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'[OT] From: Fire in the Hole - Tantalums'
2000\04\27@133618 by Dan Michaels

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Alan B Pearce wrote:
.....
>A colleague of mine was even luckier than this. A brand new piece of equipment
>arrived, but failed to work on power up. He had the lid off it, and with the
>power still on was bending over it looking at the circuit board. A teardrop
>tantalum decided just at that moment to give up the unequal struggle and flew
>past his ear!!! He was extremely lucky it was not his eye!!!
>

I wonder if lots of others aren't making the same mistake we
talked about a couple of weeks ago in another thread. Namely,
using tantalum caps for "power buss filtering'.

To re-iterate, for the sake of all those who do the same thing
as I too have done in the past:

"Reliability degrades when they are operated in low-impedance
circuits, and so they are not suitable for power supply
reservoir operations".

ref, p 83, "The Circuit Designer's Companion", Tim Williams,
1996, Newnes pub.

2000\04\27@140930 by William Chops Westfield

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   To re-iterate, for the sake of all those who do the same thing
   as I too have done in the past:

   "Reliability degrades when they are operated in low-impedance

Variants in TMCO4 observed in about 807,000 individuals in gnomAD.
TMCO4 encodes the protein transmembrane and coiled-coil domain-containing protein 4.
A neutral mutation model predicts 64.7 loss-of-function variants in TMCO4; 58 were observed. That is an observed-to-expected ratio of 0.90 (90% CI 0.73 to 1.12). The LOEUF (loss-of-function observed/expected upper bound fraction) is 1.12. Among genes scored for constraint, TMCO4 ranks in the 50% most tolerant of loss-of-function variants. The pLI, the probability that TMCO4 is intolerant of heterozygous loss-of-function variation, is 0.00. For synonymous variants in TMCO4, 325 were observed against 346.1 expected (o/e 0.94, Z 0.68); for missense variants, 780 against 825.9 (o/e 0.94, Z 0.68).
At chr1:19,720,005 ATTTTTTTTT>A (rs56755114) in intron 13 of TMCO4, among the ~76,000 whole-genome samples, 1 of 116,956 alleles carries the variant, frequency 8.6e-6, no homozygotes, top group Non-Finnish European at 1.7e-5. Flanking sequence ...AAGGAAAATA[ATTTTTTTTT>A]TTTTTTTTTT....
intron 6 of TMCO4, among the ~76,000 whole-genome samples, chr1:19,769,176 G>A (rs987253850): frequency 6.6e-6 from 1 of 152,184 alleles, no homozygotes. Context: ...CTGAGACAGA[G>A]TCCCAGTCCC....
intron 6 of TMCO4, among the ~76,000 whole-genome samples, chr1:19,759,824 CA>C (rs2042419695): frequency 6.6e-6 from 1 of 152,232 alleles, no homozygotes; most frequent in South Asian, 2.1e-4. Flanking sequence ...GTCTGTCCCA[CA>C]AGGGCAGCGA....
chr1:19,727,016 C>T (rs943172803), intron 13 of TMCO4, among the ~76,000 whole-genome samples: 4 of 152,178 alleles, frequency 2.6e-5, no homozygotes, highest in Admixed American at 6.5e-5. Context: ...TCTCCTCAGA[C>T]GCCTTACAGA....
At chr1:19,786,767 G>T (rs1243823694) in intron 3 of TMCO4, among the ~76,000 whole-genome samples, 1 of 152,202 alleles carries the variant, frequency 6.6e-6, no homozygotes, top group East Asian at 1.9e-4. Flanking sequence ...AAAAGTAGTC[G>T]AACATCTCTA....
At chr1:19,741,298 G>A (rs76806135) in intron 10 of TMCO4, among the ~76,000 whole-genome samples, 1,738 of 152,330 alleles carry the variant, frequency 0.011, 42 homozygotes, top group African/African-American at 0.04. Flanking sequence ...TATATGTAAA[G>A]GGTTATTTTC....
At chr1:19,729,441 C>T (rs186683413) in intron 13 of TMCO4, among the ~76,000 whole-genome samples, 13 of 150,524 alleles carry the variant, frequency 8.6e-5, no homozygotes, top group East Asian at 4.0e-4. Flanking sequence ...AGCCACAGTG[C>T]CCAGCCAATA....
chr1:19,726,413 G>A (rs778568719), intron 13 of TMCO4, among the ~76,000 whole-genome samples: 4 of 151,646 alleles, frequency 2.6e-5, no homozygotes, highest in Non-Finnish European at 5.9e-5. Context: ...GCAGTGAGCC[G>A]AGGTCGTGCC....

circuits, and so they are not suitable for power supply
   reservoir operations".

   ref, p 83, "The Circuit Designer's Companion", Tim Williams,
   1996, Newnes pub.

Really?  I see them used this way constantly, even recomended (particular
brands and values, usually) in SPS chip app notes, and advertised for this
purpose (ie by ESR, IIRC.)  Are SOME tantalum caps specifically (re)designed
for such applications, or are some other specific types (perhaps no longer
very common) the ones that are unsuitable there.

(come to think of it, I don't know that I've ever seen tantalum caps widely
used for anything BUT power bypass...)

BillW

2000\04\27@150312 by Dan Michaels

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>
>    "Reliability degrades when they are operated in low-impedance
>    circuits, and so they are not suitable for power supply
>    reservoir operations".
>
>    ref, p 83, "The Circuit Designer's Companion", Tim Williams,
>    1996, Newnes pub.
>
>Really?  I see them used this way constantly, even recomended (particular
>brands and values, usually) in SPS chip app notes, and advertised for this
>purpose (ie by ESR, IIRC.)  Are SOME tantalum caps specifically (re)designed
>for such applications, or are some other specific types (perhaps no longer
>very common) the ones that are unsuitable there.
>
>(come to think of it, I don't know that I've ever seen tantalum caps widely
>used for anything BUT power bypass...)
>
>BillW
>

Someone else mentioned the issue referenced above, ie use in
"... low-impedance circuits...", in another thread recently. But I
know what you are saying. I am still fuzzy on the issue. But then
we just heard 27 'Fire in the Hole' stories about them exploding too.

DanM

2000\04\27@184243 by paulb

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William Chops Westfield wrote:

> Really?  I see them used this way constantly, even recomended
> (particular brands and values, usually) in SPS chip app notes, and
> advertised for this purpose (ie by ESR, IIRC.)  Are SOME tantalum caps
> specifically (re)designed for such applications, or are some other
> specific types (perhaps no longer very common) the ones that are
> unsuitable there.